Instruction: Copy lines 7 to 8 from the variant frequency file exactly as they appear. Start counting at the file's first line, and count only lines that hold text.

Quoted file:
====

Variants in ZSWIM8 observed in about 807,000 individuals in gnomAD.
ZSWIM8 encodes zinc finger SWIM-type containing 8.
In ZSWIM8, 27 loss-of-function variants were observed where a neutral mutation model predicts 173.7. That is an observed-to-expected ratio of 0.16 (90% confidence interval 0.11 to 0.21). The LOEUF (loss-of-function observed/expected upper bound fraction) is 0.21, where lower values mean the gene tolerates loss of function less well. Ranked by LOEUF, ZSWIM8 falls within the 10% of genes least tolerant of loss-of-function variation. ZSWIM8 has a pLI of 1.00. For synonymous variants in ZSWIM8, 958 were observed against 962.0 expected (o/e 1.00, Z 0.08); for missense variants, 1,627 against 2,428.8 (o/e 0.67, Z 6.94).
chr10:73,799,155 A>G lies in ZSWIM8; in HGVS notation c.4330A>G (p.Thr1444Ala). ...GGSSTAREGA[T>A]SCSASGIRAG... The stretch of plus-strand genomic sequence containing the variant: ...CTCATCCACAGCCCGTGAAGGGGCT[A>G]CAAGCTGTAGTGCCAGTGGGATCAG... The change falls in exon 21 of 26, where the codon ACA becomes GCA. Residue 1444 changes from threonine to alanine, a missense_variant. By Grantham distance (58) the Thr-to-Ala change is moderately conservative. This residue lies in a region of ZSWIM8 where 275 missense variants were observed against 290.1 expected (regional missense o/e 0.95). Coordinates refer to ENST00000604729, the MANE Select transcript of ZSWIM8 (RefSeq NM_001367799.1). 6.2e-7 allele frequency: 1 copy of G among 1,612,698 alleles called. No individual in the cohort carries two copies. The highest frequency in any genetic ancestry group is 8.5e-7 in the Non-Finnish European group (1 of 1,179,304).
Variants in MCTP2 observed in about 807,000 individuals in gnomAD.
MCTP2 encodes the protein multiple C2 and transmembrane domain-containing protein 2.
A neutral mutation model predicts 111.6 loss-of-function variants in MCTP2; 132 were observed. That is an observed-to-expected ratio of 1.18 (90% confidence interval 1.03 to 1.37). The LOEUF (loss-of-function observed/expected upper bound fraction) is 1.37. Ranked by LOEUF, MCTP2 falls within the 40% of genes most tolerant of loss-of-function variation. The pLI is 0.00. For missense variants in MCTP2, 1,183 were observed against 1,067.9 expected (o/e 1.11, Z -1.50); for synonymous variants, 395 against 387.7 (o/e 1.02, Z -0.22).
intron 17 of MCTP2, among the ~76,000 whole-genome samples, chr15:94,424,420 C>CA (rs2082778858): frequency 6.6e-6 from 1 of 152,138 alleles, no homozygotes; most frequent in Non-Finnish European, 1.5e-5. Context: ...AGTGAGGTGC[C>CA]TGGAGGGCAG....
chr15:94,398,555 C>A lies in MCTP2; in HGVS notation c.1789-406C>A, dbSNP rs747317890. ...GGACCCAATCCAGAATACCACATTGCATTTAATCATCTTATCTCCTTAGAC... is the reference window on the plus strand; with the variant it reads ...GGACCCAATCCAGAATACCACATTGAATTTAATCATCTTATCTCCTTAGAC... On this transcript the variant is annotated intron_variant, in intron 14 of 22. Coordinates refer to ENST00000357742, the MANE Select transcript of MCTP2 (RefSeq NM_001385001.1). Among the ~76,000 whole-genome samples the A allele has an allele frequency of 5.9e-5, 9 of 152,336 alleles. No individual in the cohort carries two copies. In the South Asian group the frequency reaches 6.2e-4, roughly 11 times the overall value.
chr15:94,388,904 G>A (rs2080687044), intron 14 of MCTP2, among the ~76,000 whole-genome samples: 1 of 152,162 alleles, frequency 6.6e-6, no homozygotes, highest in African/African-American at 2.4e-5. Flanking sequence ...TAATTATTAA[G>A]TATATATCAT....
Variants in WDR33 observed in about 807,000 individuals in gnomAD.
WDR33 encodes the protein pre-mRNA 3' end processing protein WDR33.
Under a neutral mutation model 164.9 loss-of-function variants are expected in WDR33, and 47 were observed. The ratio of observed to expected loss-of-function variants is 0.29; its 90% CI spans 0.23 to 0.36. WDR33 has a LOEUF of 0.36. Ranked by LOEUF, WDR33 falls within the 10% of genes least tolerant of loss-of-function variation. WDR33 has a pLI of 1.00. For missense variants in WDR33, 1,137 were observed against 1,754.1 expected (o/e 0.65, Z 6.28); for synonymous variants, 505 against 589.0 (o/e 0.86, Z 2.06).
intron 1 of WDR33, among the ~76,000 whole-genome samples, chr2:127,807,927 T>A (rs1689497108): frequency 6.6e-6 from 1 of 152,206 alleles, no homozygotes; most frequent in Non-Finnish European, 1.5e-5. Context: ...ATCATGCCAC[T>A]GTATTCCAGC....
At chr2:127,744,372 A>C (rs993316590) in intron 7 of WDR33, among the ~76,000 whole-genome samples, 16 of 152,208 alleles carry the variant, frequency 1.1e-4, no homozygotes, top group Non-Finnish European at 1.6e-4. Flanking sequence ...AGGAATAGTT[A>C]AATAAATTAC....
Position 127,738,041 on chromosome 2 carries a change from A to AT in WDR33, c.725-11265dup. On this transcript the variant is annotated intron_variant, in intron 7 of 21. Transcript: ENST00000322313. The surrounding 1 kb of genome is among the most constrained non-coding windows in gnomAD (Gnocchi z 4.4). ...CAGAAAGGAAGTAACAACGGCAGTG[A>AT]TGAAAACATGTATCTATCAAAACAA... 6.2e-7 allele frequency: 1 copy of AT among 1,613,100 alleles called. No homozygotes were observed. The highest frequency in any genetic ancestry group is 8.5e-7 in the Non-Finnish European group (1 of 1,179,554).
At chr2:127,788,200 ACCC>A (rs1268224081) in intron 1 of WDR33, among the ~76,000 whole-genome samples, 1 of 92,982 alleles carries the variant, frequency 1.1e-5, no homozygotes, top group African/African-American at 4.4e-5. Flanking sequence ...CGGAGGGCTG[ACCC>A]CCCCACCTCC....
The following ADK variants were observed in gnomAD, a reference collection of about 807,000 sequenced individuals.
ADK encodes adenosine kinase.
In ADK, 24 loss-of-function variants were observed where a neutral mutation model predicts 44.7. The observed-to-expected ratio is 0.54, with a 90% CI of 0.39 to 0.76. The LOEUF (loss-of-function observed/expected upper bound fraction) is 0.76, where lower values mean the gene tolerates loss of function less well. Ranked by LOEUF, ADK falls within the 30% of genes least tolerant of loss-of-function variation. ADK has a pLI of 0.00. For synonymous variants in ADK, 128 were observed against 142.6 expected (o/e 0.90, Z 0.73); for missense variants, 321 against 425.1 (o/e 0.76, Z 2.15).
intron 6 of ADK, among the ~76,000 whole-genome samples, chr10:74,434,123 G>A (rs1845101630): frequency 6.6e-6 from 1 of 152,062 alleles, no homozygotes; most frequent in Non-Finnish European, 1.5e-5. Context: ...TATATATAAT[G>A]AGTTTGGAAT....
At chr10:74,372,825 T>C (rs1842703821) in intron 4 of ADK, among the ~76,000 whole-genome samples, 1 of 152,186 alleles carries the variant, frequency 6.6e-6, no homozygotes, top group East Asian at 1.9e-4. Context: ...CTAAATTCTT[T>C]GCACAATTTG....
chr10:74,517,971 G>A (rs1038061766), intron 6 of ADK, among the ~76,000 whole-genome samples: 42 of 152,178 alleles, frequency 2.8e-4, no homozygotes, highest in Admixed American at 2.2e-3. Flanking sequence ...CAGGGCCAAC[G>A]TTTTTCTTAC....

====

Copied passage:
A neutral mutation model predicts 111.6 loss-of-function variants in MCTP2; 132 were observed. That is an observed-to-expected ratio of 1.18 (90% confidence interval 1.03 to 1.37). The LOEUF (loss-of-function observed/expected upper bound fraction) is 1.37. Ranked by LOEUF, MCTP2 falls within the 40% of genes most tolerant of loss-of-function variation. The pLI is 0.00. For missense variants in MCTP2, 1,183 were observed against 1,067.9 expected (o/e 1.11, Z -1.50); for synonymous variants, 395 against 387.7 (o/e 1.02, Z -0.22).
intron 17 of MCTP2, among the ~76,000 whole-genome samples, chr15:94,424,420 C>CA (rs2082778858): frequency 6.6e-6 from 1 of 152,138 alleles, no homozygotes; most frequent in Non-Finnish European, 1.5e-5. Context: ...AGTGAGGTGC[C>CA]TGGAGGGCAG....